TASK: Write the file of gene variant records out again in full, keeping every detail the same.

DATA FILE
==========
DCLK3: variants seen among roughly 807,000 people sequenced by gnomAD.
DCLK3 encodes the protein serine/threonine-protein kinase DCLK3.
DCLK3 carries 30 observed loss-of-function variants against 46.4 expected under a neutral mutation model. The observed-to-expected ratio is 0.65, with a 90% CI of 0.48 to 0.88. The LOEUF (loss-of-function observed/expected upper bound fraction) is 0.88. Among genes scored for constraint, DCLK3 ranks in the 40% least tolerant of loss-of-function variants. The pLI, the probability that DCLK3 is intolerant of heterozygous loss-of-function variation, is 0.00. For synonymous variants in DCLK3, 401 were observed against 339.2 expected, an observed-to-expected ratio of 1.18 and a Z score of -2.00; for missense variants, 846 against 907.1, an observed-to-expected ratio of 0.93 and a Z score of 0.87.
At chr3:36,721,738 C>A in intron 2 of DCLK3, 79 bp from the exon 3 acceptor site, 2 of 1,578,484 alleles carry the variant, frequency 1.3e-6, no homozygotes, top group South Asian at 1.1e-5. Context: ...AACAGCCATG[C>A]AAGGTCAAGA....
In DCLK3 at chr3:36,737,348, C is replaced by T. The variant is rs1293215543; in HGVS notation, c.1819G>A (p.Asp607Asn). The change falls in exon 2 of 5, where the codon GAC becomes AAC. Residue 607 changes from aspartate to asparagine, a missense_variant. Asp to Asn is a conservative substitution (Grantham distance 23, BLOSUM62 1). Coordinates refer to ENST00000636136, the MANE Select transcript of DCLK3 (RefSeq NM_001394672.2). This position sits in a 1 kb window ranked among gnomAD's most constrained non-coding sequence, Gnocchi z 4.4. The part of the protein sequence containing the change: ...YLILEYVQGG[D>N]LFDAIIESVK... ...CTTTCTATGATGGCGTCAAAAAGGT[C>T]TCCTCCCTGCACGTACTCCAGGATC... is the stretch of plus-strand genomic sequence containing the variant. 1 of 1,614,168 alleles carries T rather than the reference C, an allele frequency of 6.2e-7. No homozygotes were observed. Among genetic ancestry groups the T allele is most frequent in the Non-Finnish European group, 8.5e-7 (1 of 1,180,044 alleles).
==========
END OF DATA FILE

DCLK3: variants seen among roughly 807,000 people sequenced by gnomAD.
DCLK3 encodes the protein serine/threonine-protein kinase DCLK3.
DCLK3 carries 30 observed loss-of-function variants against 46.4 expected under a neutral mutation model. The observed-to-expected ratio is 0.65, with a 90% CI of 0.48 to 0.88. The LOEUF (loss-of-function observed/expected upper bound fraction) is 0.88. Among genes scored for constraint, DCLK3 ranks in the 40% least tolerant of loss-of-function variants. The pLI, the probability that DCLK3 is intolerant of heterozygous loss-of-function variation, is 0.00. For synonymous variants in DCLK3, 401 were observed against 339.2 expected, an observed-to-expected ratio of 1.18 and a Z score of -2.00; for missense variants, 846 against 907.1, an observed-to-expected ratio of 0.93 and a Z score of 0.87.
At chr3:36,721,738 C>A in intron 2 of DCLK3, 79 bp from the exon 3 acceptor site, 2 of 1,578,484 alleles carry the variant, frequency 1.3e-6, no homozygotes, top group South Asian at 1.1e-5. Context: ...AACAGCCATG[C>A]AAGGTCAAGA....
In DCLK3 at chr3:36,737,348, C is replaced by T. The variant is rs1293215543; in HGVS notation, c.1819G>A (p.Asp607Asn). The change falls in exon 2 of 5, where the codon GAC becomes AAC. Residue 607 changes from aspartate to asparagine, a missense_variant. Asp to Asn is a conservative substitution (Grantham distance 23, BLOSUM62 1). Coordinates refer to ENST00000636136, the MANE Select transcript of DCLK3 (RefSeq NM_001394672.2). This position sits in a 1 kb window ranked among gnomAD's most constrained non-coding sequence, Gnocchi z 4.4. The part of the protein sequence containing the change: ...YLILEYVQGG[D>N]LFDAIIESVK... ...CTTTCTATGATGGCGTCAAAAAGGT[C>T]TCCTCCCTGCACGTACTCCAGGATC... is the stretch of plus-strand genomic sequence containing the variant. 1 of 1,614,168 alleles carries T rather than the reference C, an allele frequency of 6.2e-7. No homozygotes were observed. Among genetic ancestry groups the T allele is most frequent in the Non-Finnish European group, 8.5e-7 (1 of 1,180,044 alleles).